The same homosexual couple who appeared as victorious plaintiffs in the United States Supreme Court lawsuit that legalized same-sex “marriage” across America is now pressuring a Catholic cemetery against its will to display a pro-homosexual design on their headstone — one that sends an unbiblical message that directly opposes Catholic beliefs.

Greg Bourke, one of the plaintiffs who filed the same-sex marriage case, Obergefell v. Hodges, with his homosexual partner, is claiming that the Catholic cemetery’s rejection of his headstone is a civil rights issue of discrimination.

“It’s pretty clear when you read the letter that this is a clear case of LGBT discrimination,” Bourke argued, according to LifeSiteNews.

The homosexual activist, along with his partner, Michael De Leon, alleged that by refusing to accept their tombstone, the Archdiocese of Louisville, Kentucky, is guilty of unlawful discrimination. They publicly announced their allegation Wednesday during a press conference staged outside the St. Michael Cemetery, according to a report by the NBC-affiliate WAVE-3 local television station.

While addressing the media — using the backdrop of the church — Bourke claimed that the city’s archdiocese has been getting away with the unlawful treatment of him and his partner — as members of the LGBT community. He contended that the clergy was able to use extreme prejudice against them by acting under the veil of religious protection, which Bourke said allowed them to circumvent anti-discrimination laws in their hometown of Louisville, Kentucky.

“We wanted to see if there might be any kind of a legal challenge that we can make,” Bourke told the media. “Honestly, there are legal protection laws — there’s an exclusion in the fairness ordinance that protects religious organizations — so that they have a license to discriminate.”

Promoting deviant behavior?

Imagery and symbolism displayed on the tombstone in question reportedly attempts to make an overt effort to promote the homosexual lifestyle — in contradiction to Christian teachings.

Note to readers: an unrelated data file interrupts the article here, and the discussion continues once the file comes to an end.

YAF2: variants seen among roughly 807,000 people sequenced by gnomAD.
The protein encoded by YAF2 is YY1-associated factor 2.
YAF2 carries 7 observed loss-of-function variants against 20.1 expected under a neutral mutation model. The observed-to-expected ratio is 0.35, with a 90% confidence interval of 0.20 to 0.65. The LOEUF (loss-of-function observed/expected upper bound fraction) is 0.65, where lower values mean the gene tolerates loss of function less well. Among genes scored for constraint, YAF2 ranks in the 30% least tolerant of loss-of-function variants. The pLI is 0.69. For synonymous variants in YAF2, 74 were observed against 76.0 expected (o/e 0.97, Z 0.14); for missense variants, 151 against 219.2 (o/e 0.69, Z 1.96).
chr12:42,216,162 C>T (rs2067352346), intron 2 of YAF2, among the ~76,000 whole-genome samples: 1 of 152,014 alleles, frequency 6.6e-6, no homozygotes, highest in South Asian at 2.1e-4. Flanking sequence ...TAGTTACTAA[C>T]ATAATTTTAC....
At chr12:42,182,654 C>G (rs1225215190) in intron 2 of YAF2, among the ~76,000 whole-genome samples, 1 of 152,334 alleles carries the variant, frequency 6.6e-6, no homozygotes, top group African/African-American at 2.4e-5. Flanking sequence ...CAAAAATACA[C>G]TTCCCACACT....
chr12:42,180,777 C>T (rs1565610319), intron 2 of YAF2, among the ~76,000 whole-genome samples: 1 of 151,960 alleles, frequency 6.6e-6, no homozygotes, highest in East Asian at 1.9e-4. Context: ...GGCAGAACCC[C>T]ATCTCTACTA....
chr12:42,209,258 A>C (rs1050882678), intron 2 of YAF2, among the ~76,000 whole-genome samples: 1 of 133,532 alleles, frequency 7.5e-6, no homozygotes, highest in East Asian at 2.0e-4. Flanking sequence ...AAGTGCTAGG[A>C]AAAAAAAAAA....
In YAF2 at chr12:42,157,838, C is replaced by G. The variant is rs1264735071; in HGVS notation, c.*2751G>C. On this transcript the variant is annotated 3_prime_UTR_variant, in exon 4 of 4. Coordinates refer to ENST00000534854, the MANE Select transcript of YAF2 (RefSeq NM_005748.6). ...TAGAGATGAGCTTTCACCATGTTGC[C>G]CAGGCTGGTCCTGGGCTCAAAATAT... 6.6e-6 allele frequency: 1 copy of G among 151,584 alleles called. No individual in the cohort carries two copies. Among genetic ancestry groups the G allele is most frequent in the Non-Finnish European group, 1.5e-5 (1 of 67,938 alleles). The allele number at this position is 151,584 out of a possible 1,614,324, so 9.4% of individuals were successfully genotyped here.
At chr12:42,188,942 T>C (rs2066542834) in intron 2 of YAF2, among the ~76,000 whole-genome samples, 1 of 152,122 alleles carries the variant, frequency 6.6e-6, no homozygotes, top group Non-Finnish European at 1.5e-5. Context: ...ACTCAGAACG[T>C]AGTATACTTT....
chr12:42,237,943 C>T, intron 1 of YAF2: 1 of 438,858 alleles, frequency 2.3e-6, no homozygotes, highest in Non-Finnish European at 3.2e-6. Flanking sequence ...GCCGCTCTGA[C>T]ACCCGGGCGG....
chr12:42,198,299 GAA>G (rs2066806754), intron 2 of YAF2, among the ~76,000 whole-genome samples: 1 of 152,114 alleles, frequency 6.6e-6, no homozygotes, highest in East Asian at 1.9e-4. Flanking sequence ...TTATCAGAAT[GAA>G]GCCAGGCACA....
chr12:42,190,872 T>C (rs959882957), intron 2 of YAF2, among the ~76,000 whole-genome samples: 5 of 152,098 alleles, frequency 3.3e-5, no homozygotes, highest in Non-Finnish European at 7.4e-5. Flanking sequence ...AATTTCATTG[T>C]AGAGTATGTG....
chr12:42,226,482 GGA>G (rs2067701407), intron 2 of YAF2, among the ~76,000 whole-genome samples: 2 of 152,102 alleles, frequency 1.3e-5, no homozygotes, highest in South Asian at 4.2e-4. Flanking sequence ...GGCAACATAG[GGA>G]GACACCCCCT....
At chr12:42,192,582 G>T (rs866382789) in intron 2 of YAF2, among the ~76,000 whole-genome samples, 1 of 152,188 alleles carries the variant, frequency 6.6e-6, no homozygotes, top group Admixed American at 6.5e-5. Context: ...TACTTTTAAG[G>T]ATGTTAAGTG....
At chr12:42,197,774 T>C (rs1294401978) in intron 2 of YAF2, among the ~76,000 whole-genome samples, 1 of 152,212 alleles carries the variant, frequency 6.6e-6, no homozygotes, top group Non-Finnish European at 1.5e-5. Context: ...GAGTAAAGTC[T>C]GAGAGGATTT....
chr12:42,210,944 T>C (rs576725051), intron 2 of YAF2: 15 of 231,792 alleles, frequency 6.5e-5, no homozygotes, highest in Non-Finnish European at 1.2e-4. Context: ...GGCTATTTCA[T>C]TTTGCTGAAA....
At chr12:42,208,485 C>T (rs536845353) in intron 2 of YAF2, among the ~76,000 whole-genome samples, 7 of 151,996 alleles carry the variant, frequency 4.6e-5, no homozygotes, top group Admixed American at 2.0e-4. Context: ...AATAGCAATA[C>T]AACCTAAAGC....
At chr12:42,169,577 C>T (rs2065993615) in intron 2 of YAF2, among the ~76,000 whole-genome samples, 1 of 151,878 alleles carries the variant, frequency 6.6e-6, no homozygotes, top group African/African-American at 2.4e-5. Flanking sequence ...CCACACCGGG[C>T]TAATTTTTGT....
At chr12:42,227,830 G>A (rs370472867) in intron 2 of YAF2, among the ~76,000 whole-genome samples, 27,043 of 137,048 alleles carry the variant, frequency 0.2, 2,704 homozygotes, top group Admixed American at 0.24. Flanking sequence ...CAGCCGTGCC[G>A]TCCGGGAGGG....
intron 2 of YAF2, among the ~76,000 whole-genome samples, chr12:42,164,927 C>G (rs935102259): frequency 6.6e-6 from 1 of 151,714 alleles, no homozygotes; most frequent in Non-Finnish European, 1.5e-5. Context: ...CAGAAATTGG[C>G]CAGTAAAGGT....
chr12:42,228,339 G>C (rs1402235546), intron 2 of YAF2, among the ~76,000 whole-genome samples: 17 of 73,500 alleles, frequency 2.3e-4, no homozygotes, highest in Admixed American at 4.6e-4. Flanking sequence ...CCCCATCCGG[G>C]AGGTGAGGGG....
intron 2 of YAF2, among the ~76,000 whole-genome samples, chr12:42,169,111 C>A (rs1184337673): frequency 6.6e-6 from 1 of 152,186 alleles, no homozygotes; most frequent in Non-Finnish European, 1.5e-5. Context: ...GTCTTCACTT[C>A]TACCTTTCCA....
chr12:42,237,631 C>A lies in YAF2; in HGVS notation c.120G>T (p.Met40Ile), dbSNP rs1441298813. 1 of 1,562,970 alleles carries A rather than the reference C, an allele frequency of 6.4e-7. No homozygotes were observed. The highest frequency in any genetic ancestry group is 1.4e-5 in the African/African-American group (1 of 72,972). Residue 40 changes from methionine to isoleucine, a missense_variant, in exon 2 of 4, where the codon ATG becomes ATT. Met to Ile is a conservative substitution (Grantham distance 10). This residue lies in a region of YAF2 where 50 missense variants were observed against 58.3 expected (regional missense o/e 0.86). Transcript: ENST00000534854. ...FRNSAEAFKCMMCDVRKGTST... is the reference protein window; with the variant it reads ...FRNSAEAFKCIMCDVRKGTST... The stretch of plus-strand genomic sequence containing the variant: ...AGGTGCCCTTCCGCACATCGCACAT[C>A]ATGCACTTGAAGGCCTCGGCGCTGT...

“Bourke and De Leon’s proposed headstone design blatantly revels in the Obergefell decision redefining marriage, sporting an image of the Supreme Court building beneath a pair of intertwined wedding rings between their two last names,” LifeSiteNews’ Lisa Bourne explained. “Below the image of the high court building, their first names and middle initials, along with space for their respective dates of death are divided by a cross.”

In the couple’s initial attempt to draw attention to the matter, a response letter from Catholic Cemeteries for the Louisville Archdiocese Executive Director Javier Rajardo was reprinted in The Advocate — a homosexual publication. The letter informed the homosexual couple that the designs on their grave marker stood in opposition to the teachings of the Catholic Church, and as a result, the message it conveyed was not deemed appropriate to be displayed in a Catholic cemetery that honored its beliefs.

“Having reviewed your proposed gravestone inscription, please note we can approve your shared stone with both your names and dates of birth, and, of course, the religious symbol of the cross,” Rajardo replied to the men via his letter. “Inscriptions on grave markers are permitted so long as they do not conflict with any teachings of the Church. Your proposed markings are not in keeping with this requirement.”

At the “Freedom to Bury” press conference last week, Bourke informed the press that he and his partner were assured that new guidelines were going to be created for the memorials of same-sex couples. But when LifeSiteNews contacted Archdiocese of Louisville Chief Communication Officer Cecelia Hart Price for comment, she explained that a lengthy approval process for all grave makers — that dates back many years — has been put in place by the cemetery’s office.

Honoring God’s Word — not the LGBT agenda

Making its stance on the tombstone marker very clear, the Archdiocese of Louisville stressed that its mission is to honor the Gospel — not political agendas.

“A Catholic cemetery is a place that serves the faithful and witnesses to the Good News of Jesus Christ and the hope we share in the resurrection,” the archdiocese expressed in a statement prepared for LifeSiteNews. “This ministry of the sacred rite of burial is offered to the Catholic community and all of God’s people. To this end, it is a place where the signs and symbols of our Catholic faith are displayed with pride and reverence.”